This is the third of my readings from the 2017 Man Booker longlist, including the winner, Lincoln in the Bardo and Exit West. I didn’t intend to read three “fantasy” novels in a row; the Man Booker jury had more to do with that than I did. Contemporary fiction still divides itself between realist fiction and narratives with strong fantasy or surrealist elements.
It’s mostly the case that readers of realist fiction won’t touch the crazier stuff, crazy in the sense of stories that directly contradict what we know about conventional reality. And there are many readers of fantasy fiction who are not interested in fiction without the paradox of not making sense in our world.
Should I be disturbed if all three novels hit the escape hatch of unbelievability? Is it a bad sign, a sign of decadence and decline, when a civilization feels it must take narrative opium? Forget about solving our problems, which we can’t do. Let’s just dream them away. Maybe it’s the equivalent of staying home playing video games when you could be downtown meeting friends or having new experiences.
In Colson Whitehead’s book the underground railroad turns out to be a physical network of underground tracks, which reminded me of the subway. Escaped slaves would take a secret subway line out of the slave-holding states if they were lucky enough to find the hidden trains.
Now I can be a dumb-ass also. When I heard, growing up, that there was an underground railway that aided escaped slaves, at first, I thought “a train?”. But then I realized it wasn’t an “actual” train but a network of escape routes. In Hamid’s Exit West illegal immigrants discover “black doors” which quantum leap them to the West, much to the West’s frustration. It’s never explained how the black doors came to be. But why bother to explain it? It’s not going to make sense anyway.
Hamid’s black doors and Whitehead’s underground railway lines do have the advantage of jump starting their stories at critical junctures. There’s so much segueing that you don’t have to do if you imagine fantastical things. And then there’s the wonder. Like you’re a child again. But do you want to be a child again?
I rate Hamid high because he is storytelling about a contemporary problem, the flight to the West by dispossessed groups. There’s something that bothers me about historical fiction or film. It tends to be a rehearsal of accepted pieties. We all know that slavery was infamous, do we need to rehearse the fact?
But Whitehead’s book brought Ken Burns celebrated Civil War series to mind, which talks about slavery with white gloves on. Attending to the details of that series, the slavery of African Americans becomes an abstract factor contributing to civil war, and it’s viewed from a hazy, bland perspective as something that affected “other folks”.
The Underground Railroad liberates us from that myopia. It’s dense, detailed and experiential, systematically involving us in slavery as it was lived, an antidote to just conceptualizing people’s suffering. Whitehead has a gift for telling his story at point blank range.
Each chapter is named after a person or a state. The last of the 12 chapters is called “The North” and represents an all-encompassing final journey. From Ajarry, the first chapter, through Mabel, the penultimate chapter runs Cora’s family line. Cora is Mabel’s daughter, abandoned in desperation and hating her mother for leaving her on the Georgia plantation dystopia where she is enslaved.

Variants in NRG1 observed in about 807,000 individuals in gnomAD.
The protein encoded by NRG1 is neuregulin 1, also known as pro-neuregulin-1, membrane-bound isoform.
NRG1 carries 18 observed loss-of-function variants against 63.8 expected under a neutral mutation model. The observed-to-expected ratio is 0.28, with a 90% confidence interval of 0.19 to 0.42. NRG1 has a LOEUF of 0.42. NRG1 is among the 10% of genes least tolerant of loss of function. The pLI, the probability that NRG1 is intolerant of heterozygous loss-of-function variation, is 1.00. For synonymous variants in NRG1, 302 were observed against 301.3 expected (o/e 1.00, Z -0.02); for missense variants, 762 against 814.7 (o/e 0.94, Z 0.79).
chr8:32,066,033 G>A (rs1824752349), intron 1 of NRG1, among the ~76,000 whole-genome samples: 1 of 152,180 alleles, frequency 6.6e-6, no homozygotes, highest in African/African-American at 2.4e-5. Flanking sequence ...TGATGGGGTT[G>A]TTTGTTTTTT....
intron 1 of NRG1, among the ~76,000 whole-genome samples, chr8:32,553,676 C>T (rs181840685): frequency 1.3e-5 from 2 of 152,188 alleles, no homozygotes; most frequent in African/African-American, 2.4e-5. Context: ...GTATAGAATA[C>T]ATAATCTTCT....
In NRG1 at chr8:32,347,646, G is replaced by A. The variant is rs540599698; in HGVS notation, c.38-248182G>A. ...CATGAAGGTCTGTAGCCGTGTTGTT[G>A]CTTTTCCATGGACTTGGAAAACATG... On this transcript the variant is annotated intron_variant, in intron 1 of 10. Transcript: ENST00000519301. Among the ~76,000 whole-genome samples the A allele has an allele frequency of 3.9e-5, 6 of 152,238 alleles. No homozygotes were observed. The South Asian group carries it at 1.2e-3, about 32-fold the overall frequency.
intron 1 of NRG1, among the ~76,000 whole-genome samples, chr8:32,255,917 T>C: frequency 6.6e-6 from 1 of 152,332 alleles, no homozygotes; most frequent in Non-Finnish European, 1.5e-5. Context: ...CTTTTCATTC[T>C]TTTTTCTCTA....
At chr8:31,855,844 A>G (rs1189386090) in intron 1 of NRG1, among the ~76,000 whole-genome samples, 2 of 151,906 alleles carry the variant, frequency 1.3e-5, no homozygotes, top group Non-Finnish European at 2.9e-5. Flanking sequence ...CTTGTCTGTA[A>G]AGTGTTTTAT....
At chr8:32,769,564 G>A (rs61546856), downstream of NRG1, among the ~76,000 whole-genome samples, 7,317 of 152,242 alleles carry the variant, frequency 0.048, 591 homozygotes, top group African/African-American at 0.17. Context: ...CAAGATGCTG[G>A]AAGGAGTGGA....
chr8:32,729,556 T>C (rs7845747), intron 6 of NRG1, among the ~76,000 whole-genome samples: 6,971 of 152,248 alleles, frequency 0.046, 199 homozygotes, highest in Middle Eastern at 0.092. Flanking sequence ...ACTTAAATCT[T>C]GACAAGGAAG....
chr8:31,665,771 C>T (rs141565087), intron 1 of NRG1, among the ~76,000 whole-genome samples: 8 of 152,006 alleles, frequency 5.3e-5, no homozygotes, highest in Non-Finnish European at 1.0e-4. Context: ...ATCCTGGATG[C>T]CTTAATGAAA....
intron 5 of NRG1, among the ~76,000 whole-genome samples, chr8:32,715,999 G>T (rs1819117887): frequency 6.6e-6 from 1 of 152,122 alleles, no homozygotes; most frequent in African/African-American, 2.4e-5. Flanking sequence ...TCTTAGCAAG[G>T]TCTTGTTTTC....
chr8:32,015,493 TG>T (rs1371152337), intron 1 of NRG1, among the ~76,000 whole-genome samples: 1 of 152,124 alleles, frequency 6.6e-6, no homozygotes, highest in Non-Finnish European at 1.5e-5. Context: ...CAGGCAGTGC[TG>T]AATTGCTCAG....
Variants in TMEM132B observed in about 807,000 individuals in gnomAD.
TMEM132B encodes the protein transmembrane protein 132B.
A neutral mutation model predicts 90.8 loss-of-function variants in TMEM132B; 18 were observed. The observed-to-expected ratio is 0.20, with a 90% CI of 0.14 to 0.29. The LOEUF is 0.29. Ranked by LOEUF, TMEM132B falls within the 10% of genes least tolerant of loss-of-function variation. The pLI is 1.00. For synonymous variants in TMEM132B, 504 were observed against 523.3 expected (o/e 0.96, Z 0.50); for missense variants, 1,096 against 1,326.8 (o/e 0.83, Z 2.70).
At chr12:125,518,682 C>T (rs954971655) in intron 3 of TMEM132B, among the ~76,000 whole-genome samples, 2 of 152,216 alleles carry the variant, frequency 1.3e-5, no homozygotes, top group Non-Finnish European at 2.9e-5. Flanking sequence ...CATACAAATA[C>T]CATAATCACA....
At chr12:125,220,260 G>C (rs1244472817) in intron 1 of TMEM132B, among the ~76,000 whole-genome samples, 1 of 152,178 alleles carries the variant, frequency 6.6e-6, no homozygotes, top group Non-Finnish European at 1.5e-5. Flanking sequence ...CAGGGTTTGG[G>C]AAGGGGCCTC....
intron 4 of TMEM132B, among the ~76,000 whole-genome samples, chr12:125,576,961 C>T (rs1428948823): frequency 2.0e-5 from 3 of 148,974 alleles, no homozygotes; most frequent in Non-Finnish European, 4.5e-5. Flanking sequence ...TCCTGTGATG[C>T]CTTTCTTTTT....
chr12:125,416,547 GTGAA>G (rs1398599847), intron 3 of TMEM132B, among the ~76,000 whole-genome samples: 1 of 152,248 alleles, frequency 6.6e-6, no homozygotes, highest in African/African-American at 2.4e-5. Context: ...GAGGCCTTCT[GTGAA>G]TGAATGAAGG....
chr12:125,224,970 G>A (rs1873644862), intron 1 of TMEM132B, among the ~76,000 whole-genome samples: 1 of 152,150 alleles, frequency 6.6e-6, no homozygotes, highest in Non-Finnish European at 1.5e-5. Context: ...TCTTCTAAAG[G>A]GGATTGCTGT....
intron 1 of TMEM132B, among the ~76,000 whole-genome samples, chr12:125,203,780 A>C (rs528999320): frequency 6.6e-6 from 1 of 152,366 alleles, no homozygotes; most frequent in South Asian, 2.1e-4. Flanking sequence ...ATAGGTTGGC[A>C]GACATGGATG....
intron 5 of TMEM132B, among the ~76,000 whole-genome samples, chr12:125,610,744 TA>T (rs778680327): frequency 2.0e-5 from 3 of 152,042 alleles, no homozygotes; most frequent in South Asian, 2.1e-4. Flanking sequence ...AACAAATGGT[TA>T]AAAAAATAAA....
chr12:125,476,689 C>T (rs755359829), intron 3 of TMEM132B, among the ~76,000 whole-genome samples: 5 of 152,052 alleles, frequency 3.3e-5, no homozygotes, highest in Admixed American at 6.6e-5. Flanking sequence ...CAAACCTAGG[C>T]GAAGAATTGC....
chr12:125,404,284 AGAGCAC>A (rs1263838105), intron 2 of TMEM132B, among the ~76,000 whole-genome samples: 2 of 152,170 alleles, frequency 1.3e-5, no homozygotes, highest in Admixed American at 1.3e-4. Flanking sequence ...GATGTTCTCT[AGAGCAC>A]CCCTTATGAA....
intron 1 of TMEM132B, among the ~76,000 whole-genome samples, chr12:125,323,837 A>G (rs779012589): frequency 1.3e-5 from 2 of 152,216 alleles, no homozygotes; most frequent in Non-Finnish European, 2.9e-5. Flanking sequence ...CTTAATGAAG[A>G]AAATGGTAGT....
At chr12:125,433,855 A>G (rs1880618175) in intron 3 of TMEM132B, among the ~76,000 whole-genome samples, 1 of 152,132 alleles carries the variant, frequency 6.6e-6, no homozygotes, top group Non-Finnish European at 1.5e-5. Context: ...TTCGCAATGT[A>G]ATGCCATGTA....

Georgia is a chapter name. The other “states” are South and North Carolina, Tennessee and Indiana. In each state Cora is treated differently, either subject to slavery, or eugenics, or being a hideaway fugitive slave in her own version of Anne Frank, or being free in a vulnerable African American community. Although all the states are horror stories, each nightmare exacts its own form of humiliation. Perhaps the last, Indiana, is the worst in that it is also the vessel of so much hope.
It’s Ridgeway, the slave hunter and vilest character in a book full of them, that has a racist spin on manifest destiny, the doctrine of American expansionism. The war between white and black is unceasing in this take, and what the white race can’t control it’s determined to destroy. You can’t look at American exceptionalism the same way if you read this book.
You can’t look at slavery the same way either. It’s someone beating you because they can and because you’ve made a harmless error. It’s Cora throwing herself over an innocent boy being cane whipped by his owner and taking the crippling blows herself. It’s family saying goodbye because some master decides to sell family members. It’s having your eyes put out by your employer if you’re caught looking at a book as if you’d like to read it. It’s being slept with because you are property.
At the end of the book Colson has an acknowledgement section of source materials, including the life stories of former slaves. I’d like to read that material and more. It’s a good remedy for when you hear about the apologists for the old South saying that the slaves mostly loved plantation life or who want to keep those statues up. That’s somewhat on a par with those who say the Holocaust never happened.
Here’s the bottom line. You must defend the “country of books” so that you can own your own mind; you must own your history and own your identity.
Because if you don’t, you may end up as just another abstraction in someone else’s documentary.